Steam listened to the issues people were having - curatorship is important and gamers need help finding games that they might like. When Steam Curatorship and recommendations were introduced, I hoped that they might solve this problem. So far, it seems like it's helping.
Remember that old school gem, Gauntlet? It was a tough as nails dungeon crawler which reduced even the toughest of gamers into a pile of tears. I played it many, many years ago on MAME, which thankfully meant I had unlimited credits. Death could not stop my barrage of fake money! The game first came out way back in 1985. The remake is now available, nearly 30 years later.
Valve have been giving Steam some good loving lately. Why, just on Tuesday I told you that they made things a tad bluer, which made it easier to browse through games which you might have otherwise missed. They aren’t done with the updates just yet. Steam now has its own music player, fresh out of beta.
There are 3 things a PC gamer can’t do without – a good keyboard, a speedy mouse, and the Steam client. The latter is possibly the most important. It’s the home of of our large backlogs which we will never finish, the place where we socialise with our gaming buddies more so than in real life, and also the eventual landing place of Half-Life 3 (don’t shatter my dreams Gaben!). If you’ve updated your Steam recently, you’ll have noticed it’s gone a shade bluer. There are some new features hiding underneath that new coat of paint.
Oh, you think your mouse finger powerful, don’t you? Well I trained my hand at ten times Earth’s normal gravity! Mine is the hand that knows the Heyoh-Ken technique! My hand clicking power is over 9000! And I’m going to need it when Dragon Ball Xenoverse rocks the dragon on PC.
Square Enix really seem to be in love with the Master Race lately. Just yesterday I told you that Final Fantasy IV arrived on Steam, reaching a new audience who (somehow) may not have had a chance to play that particular story yet. Well, don’t let me stop the train from rolling. The much more recent series, Final Fantasy XIII (the full trilogy), will be landing on Steam soon too.
Final Fantasy IV has been around since way back in 1991. it’s gone through loads of re-releases since then, and even had its very own remake. All of those versions have been on everything from the PlayStation 1 through to the Nintendo DS and even iOS. Absent from all of that though was a PC version. That’s just changed, as the game has finally arrived on Steam.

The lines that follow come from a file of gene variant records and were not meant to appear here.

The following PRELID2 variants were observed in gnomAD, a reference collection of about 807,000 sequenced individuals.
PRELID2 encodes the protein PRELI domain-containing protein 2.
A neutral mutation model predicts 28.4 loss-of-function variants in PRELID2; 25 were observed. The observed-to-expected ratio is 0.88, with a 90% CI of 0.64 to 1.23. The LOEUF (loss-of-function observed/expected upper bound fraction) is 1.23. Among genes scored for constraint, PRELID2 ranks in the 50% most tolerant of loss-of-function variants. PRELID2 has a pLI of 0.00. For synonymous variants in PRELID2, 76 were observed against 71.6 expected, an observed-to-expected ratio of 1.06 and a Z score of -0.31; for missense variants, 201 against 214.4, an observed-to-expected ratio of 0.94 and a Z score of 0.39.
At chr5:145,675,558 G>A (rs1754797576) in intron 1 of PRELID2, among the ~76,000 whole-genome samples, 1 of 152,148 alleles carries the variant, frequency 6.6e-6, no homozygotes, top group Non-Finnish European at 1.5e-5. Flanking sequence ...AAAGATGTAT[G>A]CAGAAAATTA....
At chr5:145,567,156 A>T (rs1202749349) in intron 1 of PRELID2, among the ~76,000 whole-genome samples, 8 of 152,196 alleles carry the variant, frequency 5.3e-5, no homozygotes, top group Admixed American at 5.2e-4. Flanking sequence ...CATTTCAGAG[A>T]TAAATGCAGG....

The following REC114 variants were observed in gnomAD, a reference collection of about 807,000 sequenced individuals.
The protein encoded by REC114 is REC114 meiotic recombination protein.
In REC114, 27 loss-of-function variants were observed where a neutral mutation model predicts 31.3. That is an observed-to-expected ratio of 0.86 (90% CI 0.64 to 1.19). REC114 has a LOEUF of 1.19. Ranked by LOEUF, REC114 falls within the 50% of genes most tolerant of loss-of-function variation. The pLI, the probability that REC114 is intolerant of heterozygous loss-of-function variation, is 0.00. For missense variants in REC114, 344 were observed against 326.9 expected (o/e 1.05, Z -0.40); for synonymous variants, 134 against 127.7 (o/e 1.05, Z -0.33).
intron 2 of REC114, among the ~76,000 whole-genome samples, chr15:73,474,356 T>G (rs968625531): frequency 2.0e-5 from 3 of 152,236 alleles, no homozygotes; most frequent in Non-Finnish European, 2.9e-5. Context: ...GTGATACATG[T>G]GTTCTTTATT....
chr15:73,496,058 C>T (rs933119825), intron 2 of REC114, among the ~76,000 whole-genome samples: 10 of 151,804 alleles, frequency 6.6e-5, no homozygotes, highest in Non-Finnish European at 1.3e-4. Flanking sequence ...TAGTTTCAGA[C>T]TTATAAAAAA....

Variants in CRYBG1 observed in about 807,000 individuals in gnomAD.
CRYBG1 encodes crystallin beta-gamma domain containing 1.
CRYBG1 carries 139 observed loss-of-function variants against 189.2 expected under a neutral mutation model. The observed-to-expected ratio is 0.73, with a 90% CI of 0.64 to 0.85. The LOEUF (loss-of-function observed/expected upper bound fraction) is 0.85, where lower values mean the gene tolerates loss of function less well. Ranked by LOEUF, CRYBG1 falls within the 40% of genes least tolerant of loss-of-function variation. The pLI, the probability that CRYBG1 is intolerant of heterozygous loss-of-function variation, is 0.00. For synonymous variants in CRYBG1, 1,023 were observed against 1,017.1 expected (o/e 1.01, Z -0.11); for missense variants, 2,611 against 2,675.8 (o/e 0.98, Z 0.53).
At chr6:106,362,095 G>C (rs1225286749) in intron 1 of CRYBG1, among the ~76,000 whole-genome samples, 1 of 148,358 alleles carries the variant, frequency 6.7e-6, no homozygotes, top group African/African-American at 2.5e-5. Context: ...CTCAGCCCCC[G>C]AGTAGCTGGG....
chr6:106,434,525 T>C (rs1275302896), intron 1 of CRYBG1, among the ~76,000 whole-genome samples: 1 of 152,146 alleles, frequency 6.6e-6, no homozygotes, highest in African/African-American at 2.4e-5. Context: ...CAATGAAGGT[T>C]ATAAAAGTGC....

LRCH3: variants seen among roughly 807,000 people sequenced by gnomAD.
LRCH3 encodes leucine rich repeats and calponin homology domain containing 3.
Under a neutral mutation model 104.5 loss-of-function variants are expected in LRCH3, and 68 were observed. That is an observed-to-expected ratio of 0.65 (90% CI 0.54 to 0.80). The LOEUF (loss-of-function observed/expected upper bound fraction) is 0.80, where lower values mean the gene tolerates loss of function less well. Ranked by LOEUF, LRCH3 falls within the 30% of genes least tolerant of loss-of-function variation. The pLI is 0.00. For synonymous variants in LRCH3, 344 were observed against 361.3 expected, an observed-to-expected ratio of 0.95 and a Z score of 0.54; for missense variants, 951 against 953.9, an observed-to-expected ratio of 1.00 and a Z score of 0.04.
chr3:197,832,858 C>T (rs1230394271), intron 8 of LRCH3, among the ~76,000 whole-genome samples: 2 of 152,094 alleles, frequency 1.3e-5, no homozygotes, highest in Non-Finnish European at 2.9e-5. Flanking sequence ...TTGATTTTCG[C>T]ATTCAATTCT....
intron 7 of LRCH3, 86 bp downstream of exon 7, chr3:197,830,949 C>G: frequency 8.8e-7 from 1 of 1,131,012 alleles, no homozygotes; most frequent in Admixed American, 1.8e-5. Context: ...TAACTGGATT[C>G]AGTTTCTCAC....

Oh those good old LAN days, how I miss them! It didn’t matter what new shiny multiplayer game was out because Quake III Arena always made an appearance and stole the spotlight at some point. That multiplayer goodness eventually transitioned into Quake Live, a browser based version which has kept fans happy since 2010. We previously told you about some changes, as well as an upcoming Steam version… it’s landing today.
I never owned a PlayStation. I actually never owned a console until I imported the very first Xbox. That didn't stop me from free-loading off most of my friends at the time, making them feed me while I sat on their couch and played games. One of my favourites used to be Metal Slug X, and now I'll get the chance to ride armed camels once again.
Dead Rising 3 is no longer an Xbox One exclusive, and the fun zombie-slaying sandbox is now available for PC too. As we told you earlier today, the thing’s got some pretty meaty requirements if you want the maximum in visual fluidity and as a result, the maximum in fun – because frames per second and resolution are directly proportional to the amount of fun to be had. You may want to hold off on all that fun; Dead Rising 3 on the PC is a bit of a mess right now.
Last month the Xbox One lost another exclusive, after the struggling Crytek revealed that Ryse: Son of Rome would be making its way to PC later this year. Ryse isn’t known for being a deeply engrossing title, but it is probably the most visually stunning title on the Xbox One. That makes me wonder what type of hardware is needed to get it running smoothly on PC. According to Steam, it’s going to take a lot.
Steam’s built-in, free, in-home streaming utilises some sort of dark magic. Provided you have a compliant network, you can stream your games from your powerful desktop, to a not-so-powerful HTPC or laptop connected to your TV and have them perfectly playable on the big screen. Up until now, the service has favoured Nvidia-based solutions. But that’s changed.
Dead Rising 3, the "exclusive" game for Xbox One is arriving on PC today. I think I might grab this just so that I can do that thing where I attach a flame thrower to my pelvis and hump kill the zombie horde. No really, that's a thing you can do, because Dead Rising 3 logic.
I absolutely adore puzzle games. There's little in this world that can better the feeling of solving a particular puzzle that I've been stumped by for hours. A wave of satisfaction that feels incredible rewarding, only made better by the appearance of another challenge. Like I said, I love puzzles, and that's why I'm already in love with Cadence.
Quake Live holds a special place in my heart. It's the only online game I've ever been banned from to this day, for apparently cheating. I really tried to understand how my a kill/death ratio lower than the temperature in Antarctica meant I was cheating, but I lost that case. Doesn't seem like it matters either, because Quake Live has changed.